The shortage has led to mandatory overtime and less time to proactively engage with youth in the community. By necessity, our police and all first responders are now more engaged in putting out the fires after they’ve already happened.
As a community, we should start by recognizing two things:
First, the juvenile justice system exists in the first place to be an intervention, because we have an urgent obligation to provide a child who commits a crime the support and rehabilitative services they need to transition into a successful life during adulthood.
Second, missed intervention opportunities and policy choices that further dismiss or diminish the role accountability must play in this process make it harder for us to fulfill our obligation.
Take this example that we discussed in detail at our recent Public Safety Committee briefing: Since 2013, DJS has filed just one Child in Need of Supervision (CINS) petition in Montgomery County Circuit Court. The CINS petition is one process we have to steer a child into wraparound services, such as counseling, without a formal finding of delinquency. A CINS petition is one of the least punitive mechanisms available to support a child who has engaged in conduct which would be classified as a crime if committed by an adult.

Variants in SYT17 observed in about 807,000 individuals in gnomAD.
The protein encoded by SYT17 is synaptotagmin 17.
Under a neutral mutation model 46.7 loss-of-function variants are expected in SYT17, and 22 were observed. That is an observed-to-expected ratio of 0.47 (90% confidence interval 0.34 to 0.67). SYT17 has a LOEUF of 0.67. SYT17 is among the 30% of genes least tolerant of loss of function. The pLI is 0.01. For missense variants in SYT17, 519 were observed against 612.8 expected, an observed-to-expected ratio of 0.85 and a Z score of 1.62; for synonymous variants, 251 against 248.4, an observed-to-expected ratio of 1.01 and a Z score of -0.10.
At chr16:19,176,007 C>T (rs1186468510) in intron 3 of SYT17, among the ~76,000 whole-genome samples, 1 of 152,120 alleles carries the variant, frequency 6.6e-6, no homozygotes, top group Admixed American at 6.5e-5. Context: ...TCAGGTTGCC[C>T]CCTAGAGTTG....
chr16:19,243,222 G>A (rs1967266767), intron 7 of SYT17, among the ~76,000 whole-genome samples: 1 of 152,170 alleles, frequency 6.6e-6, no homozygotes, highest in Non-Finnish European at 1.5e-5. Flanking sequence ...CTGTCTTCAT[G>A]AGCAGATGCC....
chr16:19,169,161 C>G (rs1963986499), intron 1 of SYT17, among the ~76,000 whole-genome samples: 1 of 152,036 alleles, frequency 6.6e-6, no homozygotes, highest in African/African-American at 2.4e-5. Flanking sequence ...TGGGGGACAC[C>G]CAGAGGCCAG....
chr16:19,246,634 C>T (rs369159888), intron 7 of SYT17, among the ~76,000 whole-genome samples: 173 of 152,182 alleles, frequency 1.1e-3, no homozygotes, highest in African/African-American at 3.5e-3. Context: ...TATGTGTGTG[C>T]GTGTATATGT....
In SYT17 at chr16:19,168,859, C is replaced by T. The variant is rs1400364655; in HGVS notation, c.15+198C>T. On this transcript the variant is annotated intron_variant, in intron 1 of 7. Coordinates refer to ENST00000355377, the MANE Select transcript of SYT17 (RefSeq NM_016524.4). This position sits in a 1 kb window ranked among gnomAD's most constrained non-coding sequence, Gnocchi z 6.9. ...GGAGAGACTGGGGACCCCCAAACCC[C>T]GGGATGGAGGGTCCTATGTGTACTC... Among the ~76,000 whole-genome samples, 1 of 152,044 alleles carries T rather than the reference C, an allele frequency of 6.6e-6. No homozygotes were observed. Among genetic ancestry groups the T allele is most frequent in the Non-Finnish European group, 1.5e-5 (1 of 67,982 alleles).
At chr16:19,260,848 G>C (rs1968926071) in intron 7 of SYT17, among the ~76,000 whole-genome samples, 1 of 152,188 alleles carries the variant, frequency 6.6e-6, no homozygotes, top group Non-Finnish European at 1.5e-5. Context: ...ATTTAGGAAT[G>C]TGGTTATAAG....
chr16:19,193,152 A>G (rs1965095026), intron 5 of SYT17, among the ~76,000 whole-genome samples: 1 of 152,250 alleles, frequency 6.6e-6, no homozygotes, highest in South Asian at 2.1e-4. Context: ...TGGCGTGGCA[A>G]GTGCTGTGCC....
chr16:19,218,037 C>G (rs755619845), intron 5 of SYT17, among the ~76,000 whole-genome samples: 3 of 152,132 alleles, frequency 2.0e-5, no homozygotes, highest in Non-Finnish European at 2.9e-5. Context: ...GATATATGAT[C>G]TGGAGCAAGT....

It’s also a tool available for a child who is habitually truant, another alarming issue on the rise among students in MCPS. We learned at a council briefing on truancy issues earlier this week that because of limited resources, a maximum of 10 students at each school can go through the multi-agency Truancy Review Board – recognized as the last attempt at intervention for a chronically absent student before potential prosecution.
And only students who have been more than 20 percent truant are generally referred to the Truancy Review Board. MCPS officials discussed how reluctant they are to go forward with an actual truancy prosecution, with just a handful of truancy cases a year after the pandemic.
The existing mechanisms for intervention cannot succeed if they aren’t enforced. Here are steps we can take on the local and state levels: